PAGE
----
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5 Core Exercises for Men Over 60

by
author image Lynne Shaw
Lynne Shaw has been a professional writer for more than 15 years. She additionally enjoyed a long career in news/talk radio production and anchoring. Her articles have appeared in numerous national and regional publications. She is a contributor in "Chicken Soup for the African American Woman's Soul."
5 Core Exercises for Men Over 60
Swimming strengthens your core and your cardiovascular system. Photo Credit Jupiterimages/Stockbyte/Getty Images

Men use their strength to lift, push, pull and carry heavy loads. Throughout many years of this hard work, you may begin to feel it in your back. Your core body must remain strong as you age in order to stave off the effects of aging and wear and tear on your spine. Here are five core exercises targeted at the most important core areas which are your abdominals, lower back, hips and buttocks.

Abdominal Compressions and Picture Frame

Joseph Pilates understood the value of a strong core. Over 90 years ago, he designed an entire exercise method just for your core. Here are two primary Pilates core exercises. They work your deepest abdominal muscle. Lie on your back. Inhale and relax your stomach muscles. Exhale and compress your abdomen down toward your spine. Continue to coordinate your breathing with abdominal compressions eight to12 times. Next is the picture frame. Raise your arms straight up by your ears. Inhale through your nose. Exhale, reach forward down your body, raise your torso, compress your stomach and watch your stomach flatten downward. Inhale and return to starting position. Repeat eight to 12 times every other day.

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Walking Medicine Ball Lunges With Rotation

Walking lunges will keep your core trunk and legs in shape. Start by standing with straight posture. Keep your stomach compressed inward throughout the exercise. Inhale and step forward with a long stride. Lower down a few inches. Exhale, transfer your weight to the front leg, push with your buttocks and thigh muscle to standing. Inhale, step forward with the other leg. Continue alternating legs with coordinated breathing. Do not allow your knee to lean over your big toe.

Hold a five to 10-lb. medicine ball at your chest and repeat the above exercise. Make it more challenging by shifting the medicine ball to one shoulder when you step forward. Bring the medicine ball back to your chest as you return to standing. Concentrate on good posture. Repeat eight to 15 repetitions every other day. Adding the rotation will strengthen your abdomen, back, chest and shoulder muscles.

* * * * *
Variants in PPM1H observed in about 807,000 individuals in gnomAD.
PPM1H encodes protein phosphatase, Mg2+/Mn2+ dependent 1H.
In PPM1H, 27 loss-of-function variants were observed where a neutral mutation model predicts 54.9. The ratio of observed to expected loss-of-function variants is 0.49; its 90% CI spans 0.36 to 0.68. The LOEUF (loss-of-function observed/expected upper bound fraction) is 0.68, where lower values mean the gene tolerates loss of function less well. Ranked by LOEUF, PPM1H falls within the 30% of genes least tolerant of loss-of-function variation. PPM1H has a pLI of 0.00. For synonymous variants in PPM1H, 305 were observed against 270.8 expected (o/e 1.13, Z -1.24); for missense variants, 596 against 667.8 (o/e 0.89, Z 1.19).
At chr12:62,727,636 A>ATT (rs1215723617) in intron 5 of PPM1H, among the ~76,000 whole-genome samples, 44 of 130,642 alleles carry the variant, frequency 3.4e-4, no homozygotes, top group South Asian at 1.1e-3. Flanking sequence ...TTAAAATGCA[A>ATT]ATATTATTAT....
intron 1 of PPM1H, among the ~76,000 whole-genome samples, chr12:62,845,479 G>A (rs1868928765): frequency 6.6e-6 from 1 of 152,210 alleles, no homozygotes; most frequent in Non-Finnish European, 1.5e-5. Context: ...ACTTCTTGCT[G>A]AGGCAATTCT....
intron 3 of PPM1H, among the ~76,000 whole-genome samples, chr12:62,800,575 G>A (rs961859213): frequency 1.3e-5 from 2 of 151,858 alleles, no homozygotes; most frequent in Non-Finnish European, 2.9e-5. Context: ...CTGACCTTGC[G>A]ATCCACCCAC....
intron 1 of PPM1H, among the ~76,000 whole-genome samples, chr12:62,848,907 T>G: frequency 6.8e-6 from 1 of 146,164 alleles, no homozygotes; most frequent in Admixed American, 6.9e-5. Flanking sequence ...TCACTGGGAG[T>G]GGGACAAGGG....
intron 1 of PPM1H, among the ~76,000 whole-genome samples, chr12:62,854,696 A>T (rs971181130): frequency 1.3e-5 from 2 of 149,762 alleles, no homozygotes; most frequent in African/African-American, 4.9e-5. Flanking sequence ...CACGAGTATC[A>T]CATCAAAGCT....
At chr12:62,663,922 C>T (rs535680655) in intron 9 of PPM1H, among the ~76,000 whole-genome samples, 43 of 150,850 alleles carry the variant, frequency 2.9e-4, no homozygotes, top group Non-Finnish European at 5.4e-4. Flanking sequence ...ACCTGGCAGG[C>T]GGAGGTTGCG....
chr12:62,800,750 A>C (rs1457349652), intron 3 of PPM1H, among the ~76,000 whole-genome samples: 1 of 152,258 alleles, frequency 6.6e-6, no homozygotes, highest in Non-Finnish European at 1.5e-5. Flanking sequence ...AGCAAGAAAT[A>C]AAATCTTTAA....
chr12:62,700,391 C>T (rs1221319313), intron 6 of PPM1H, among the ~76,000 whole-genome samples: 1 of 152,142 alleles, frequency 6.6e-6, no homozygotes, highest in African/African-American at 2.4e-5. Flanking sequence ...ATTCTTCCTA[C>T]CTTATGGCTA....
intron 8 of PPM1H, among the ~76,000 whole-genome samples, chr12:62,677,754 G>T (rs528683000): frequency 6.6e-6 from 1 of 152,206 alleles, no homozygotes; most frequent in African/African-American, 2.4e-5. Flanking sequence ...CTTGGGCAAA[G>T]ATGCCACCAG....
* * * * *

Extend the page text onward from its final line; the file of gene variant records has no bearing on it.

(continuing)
Torso Extensions

Torso extensions strengthen the muscles that stabilize your spine. Lie on your stomach with your arms straight up by your ears. Inhale and relax. Exhale and raise your arms and legs up off the floor like Superman. Inhale, relax, down. Exhale and repeat eight to 15 times. Add an arm sweep for more back muscle engagement. Inhale and relax. Exhale, raise your arms and legs up and sweep your arms out to the side to touch your outer thighs. Inhale, slowly return your arms up by your ears and lower your legs. Use the coordinated breathing with every movement. If you experience pain in your shoulder, perform only the beginning torso extension exercise.

Standing Side Leg Lifts

This simple exercise will strengthen your hip stabilizers along with improving balance and postural stability. Stand sideways to a wall with a compressed abdomen. Use your hand on the wall for balance only if you need it. Inhale and stand tall. Exhale and lift your outside leg up to a 45-degree downward angle. Inhale and lower your leg. Exhale and raise it again. Work slowly with coordinated breathing. Repeat eight to 15 repetitions on each leg every other day.

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References

  • Senior Fitness; Aerobics and Fitness Association of America
  • Anatomy of Strength Training; Pat Manocchia
  • The Pilates Body; Brooke Siler
  • YMCA Personal Training Manual; YMCA of the USA
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